* Spoiler alert – this post discusses Rebecca, Wuthering Heights, The Phantom of the Opera, and American Psycho and you may find some parts to spoil the plot *
Last year I finally got round to reading Rebecca, and although it wasn’t quite what I was expecting, it is a book that inspires debate. The final quarter is by far the most engaging section of the novel as Rebecca’s murder and true character are revealed. Of course, Maxim’s depiction of her may well be skewed – their marriage did not end well and he’s unlikely to admit to murder in the same breath as praising his deceased wife. There are hints from other characters that suggest she was not as perfect as others would have the new Mrs de Winter to believe. Assuming that we believe Maxim’s tale, does this justify the reader in rooting for him to get away with it? Does the fact we know it’s fiction lessen the moral dilemma? I would argue that we are more accepting of extreme behaviour within the confines of fiction, and yet it can help us to see the world in less black and white simplicity.
The point of view of the narrator will play a large part in our reaction to events. We have witnessed the story unfold through the eyes of Maxim’s new bride and although she is not particularly likable and seems self-centred to the extreme when discovering the sticky end of Rebecca and feeling only relief that she no longer has to live in her shadow. Yet, because we have never met Rebecca except through the reminiscences of other characters, it is easier to side with Maxim. We experience the events through the loving eyes of his new wife and so it is her desire for evading the law that is projected on to the reader.
Often it is either the narrator’s voice that sways us as readers or the knowledge of mistreatment that has led to their otherwise unforgivable actions. Take Heathcliff for example; he behaves abominably through large chunks of Wuthering Heights and yet generations of fans hold him up as a romantic hero or misunderstood man. Popular adaptations lean heavily toward this interpretation, cutting many of his wicked deeds, yet many readings of the novel are also often reluctant to condemn him. Why? Is it because we see his mistreatment at the hands of Hindley and abandonment by Cathy and hold on to the sympathy this evokes? Regardless of this, can we really justify his abuse of the next generation who have done him no harm? Is it fair to look the other way because of childhood trauma? Would we feel the same way if it were real life?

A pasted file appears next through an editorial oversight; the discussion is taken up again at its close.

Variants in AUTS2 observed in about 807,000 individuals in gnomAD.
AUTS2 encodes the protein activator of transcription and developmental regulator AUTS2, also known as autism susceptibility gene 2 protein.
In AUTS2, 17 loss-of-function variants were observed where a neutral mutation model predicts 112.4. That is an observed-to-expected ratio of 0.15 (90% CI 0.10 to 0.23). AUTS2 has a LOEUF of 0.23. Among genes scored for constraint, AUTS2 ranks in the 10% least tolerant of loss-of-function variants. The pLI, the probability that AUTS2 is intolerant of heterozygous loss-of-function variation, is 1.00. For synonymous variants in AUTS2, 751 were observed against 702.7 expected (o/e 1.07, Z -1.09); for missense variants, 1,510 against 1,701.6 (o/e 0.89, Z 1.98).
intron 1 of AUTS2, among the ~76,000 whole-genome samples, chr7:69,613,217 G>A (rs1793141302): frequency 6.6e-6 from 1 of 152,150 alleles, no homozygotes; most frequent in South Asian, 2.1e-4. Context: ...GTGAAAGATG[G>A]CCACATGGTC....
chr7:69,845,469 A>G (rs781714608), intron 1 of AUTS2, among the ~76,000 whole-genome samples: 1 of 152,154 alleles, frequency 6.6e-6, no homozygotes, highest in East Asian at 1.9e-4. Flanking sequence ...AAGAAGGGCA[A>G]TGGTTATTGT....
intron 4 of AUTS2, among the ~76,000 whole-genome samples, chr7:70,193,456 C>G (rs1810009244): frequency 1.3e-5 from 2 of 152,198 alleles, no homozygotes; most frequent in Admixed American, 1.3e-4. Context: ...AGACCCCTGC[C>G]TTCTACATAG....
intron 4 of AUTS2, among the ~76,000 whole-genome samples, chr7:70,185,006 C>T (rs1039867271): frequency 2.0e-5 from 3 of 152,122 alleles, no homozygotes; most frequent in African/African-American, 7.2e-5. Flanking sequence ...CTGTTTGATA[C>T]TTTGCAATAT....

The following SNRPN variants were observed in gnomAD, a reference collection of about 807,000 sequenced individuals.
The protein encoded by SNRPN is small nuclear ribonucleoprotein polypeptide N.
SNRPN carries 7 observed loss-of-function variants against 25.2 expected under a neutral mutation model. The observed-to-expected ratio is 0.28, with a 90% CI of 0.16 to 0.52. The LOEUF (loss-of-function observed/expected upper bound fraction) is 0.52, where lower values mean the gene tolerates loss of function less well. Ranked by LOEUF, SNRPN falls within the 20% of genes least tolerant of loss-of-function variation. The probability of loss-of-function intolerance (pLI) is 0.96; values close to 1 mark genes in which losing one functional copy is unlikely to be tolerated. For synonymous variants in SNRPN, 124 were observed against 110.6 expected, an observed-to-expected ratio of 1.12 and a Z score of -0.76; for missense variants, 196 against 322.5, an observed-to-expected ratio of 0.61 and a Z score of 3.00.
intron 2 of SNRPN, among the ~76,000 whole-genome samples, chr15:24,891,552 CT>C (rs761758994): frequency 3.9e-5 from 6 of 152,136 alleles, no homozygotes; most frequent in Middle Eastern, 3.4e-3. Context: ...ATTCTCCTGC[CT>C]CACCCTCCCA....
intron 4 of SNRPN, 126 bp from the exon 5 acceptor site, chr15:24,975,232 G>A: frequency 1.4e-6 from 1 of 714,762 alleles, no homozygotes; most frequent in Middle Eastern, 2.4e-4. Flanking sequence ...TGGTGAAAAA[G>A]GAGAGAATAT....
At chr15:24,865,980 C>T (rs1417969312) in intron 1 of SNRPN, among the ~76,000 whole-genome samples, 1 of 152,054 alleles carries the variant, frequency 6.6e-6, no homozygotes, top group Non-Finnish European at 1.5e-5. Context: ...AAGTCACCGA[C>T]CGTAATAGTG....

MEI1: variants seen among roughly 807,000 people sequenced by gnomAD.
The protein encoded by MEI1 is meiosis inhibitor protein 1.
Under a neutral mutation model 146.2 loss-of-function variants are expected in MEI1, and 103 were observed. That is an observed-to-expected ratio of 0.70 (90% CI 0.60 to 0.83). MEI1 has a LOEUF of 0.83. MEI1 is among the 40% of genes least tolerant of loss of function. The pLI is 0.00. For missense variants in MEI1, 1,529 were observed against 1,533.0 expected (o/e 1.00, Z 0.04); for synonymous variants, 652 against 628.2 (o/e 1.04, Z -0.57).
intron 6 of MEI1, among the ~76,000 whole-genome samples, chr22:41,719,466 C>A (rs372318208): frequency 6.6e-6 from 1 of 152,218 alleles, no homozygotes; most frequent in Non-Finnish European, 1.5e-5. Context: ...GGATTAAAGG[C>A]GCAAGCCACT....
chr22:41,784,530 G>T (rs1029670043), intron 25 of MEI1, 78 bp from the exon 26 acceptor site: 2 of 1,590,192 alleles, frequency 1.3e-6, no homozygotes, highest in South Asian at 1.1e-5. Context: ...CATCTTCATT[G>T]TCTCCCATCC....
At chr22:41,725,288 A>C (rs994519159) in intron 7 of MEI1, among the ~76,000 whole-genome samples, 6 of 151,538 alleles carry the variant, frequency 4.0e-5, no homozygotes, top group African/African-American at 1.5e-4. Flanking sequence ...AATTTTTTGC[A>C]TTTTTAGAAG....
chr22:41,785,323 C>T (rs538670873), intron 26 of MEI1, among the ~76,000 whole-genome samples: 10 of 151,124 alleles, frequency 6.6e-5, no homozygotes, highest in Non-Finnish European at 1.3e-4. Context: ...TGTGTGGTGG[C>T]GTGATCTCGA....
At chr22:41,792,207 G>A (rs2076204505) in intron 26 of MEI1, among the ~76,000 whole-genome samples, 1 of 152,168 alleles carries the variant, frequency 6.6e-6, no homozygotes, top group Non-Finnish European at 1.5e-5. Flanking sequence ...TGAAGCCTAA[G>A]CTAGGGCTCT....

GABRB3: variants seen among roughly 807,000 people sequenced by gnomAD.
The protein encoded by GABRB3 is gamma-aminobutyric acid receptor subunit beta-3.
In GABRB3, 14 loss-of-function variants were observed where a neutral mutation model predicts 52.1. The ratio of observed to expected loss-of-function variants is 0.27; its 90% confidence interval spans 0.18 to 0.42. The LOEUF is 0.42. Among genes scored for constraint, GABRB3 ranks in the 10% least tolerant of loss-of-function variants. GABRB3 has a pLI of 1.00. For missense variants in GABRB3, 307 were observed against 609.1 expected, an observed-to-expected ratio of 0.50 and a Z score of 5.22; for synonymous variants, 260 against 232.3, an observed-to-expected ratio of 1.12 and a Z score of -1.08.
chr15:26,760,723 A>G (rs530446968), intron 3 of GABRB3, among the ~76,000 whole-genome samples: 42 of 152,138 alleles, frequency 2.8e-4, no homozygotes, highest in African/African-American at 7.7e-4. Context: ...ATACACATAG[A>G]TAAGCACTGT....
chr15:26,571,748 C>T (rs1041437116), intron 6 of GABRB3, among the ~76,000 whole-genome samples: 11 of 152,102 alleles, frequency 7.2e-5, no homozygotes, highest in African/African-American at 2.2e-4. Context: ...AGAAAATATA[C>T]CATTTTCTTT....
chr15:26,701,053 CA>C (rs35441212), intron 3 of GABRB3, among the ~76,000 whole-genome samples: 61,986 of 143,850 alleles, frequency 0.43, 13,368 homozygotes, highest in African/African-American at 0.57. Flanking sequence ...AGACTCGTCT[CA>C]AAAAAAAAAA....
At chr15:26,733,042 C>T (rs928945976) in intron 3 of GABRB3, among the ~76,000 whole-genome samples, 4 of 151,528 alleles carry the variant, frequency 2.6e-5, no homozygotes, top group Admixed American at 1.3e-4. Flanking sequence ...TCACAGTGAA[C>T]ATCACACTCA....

Similarly in The Phantom of the Opera we are led to feel pity for the Phantom. Again, popular adaptations downplay his villainy, but even in the popular musical he kills somebody. In the book he has a torture chamber that we see put to use in horrifying detail, but we are also told that even his own mother would not kiss his head. His rejection is total. This sense of him having been wronged throughout his life through no fault of his own, to begin with at least, encourages us to feel more compassionately toward him. These characters show humans to be much more complex than simply good or bad. We seem to find this almost easier to accept in fiction than in life.
In both Wuthering Heights and The Phantom of the Opera we don’t have the story told to us by the perpetrators themselves but pieced together through other narratives. This suggests that it is knowledge of hardship that plays with our reactions more than the narrative point of view. If we look at a more recent example, American Psycho, we are reading a first person narrative, experiencing crimes in uncomfortable detail, and I can’t imagine many readers making excuses for Patrick Bateman’s actions as we have in the previous examples. Why does he not hold this same ambiguity (for the purpose of this post, let’s assume the crimes are real and not figments of his imagination, as is the belief held throughout the bulk of the book)? Consumerism and the shallow society he lives in seem to be his main driving factors, seeing humans as little more than commodities. This admittedly does not spring from the same abuse that our other examples have endured, yet there is the suggestion that he is mentally ill and therefore not entirely culpable for his actions. Why is this not enough? If we witnessed Heathcliff’s actions against Isabella in similarly gruesome detail would we find it as easy to make excuses for his behaviour? Does Bateman’s lack of regret close him off to us where in others there is some inkling of remorse? Do we need this as something we can relate to on a human level?
I’d love to hear your thoughts on these famous characters, what books have raised moral questions for you, and if the experience translated into altered world views? Let me know in the comments below.